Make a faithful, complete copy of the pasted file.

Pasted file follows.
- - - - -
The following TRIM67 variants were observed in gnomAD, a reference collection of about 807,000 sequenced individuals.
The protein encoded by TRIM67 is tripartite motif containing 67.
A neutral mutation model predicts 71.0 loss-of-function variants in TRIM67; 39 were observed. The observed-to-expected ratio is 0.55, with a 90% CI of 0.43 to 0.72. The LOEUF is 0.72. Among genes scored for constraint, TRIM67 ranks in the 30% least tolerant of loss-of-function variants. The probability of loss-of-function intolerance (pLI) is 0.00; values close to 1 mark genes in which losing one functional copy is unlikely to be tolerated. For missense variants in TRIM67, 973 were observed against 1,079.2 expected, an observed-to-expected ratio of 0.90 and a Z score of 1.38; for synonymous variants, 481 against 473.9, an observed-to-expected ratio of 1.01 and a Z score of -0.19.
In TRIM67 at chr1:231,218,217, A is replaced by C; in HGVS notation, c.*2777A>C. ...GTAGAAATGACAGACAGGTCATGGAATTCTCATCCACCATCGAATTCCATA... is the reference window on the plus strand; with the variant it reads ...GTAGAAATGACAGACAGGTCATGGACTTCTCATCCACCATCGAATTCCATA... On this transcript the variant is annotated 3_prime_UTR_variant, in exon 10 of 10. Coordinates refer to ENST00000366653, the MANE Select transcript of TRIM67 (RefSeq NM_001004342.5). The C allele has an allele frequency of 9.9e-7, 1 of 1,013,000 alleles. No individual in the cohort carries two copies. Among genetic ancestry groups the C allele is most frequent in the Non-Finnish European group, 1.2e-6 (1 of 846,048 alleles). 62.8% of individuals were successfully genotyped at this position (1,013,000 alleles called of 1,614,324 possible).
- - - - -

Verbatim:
The following TRIM67 variants were observed in gnomAD, a reference collection of about 807,000 sequenced individuals.
The protein encoded by TRIM67 is tripartite motif containing 67.
A neutral mutation model predicts 71.0 loss-of-function variants in TRIM67; 39 were observed. The observed-to-expected ratio is 0.55, with a 90% CI of 0.43 to 0.72. The LOEUF is 0.72. Among genes scored for constraint, TRIM67 ranks in the 30% least tolerant of loss-of-function variants. The probability of loss-of-function intolerance (pLI) is 0.00; values close to 1 mark genes in which losing one functional copy is unlikely to be tolerated. For missense variants in TRIM67, 973 were observed against 1,079.2 expected, an observed-to-expected ratio of 0.90 and a Z score of 1.38; for synonymous variants, 481 against 473.9, an observed-to-expected ratio of 1.01 and a Z score of -0.19.
In TRIM67 at chr1:231,218,217, A is replaced by C; in HGVS notation, c.*2777A>C. ...GTAGAAATGACAGACAGGTCATGGAATTCTCATCCACCATCGAATTCCATA... is the reference window on the plus strand; with the variant it reads ...GTAGAAATGACAGACAGGTCATGGACTTCTCATCCACCATCGAATTCCATA... On this transcript the variant is annotated 3_prime_UTR_variant, in exon 10 of 10. Coordinates refer to ENST00000366653, the MANE Select transcript of TRIM67 (RefSeq NM_001004342.5). The C allele has an allele frequency of 9.9e-7, 1 of 1,013,000 alleles. No individual in the cohort carries two copies. Among genetic ancestry groups the C allele is most frequent in the Non-Finnish European group, 1.2e-6 (1 of 846,048 alleles). 62.8% of individuals were successfully genotyped at this position (1,013,000 alleles called of 1,614,324 possible).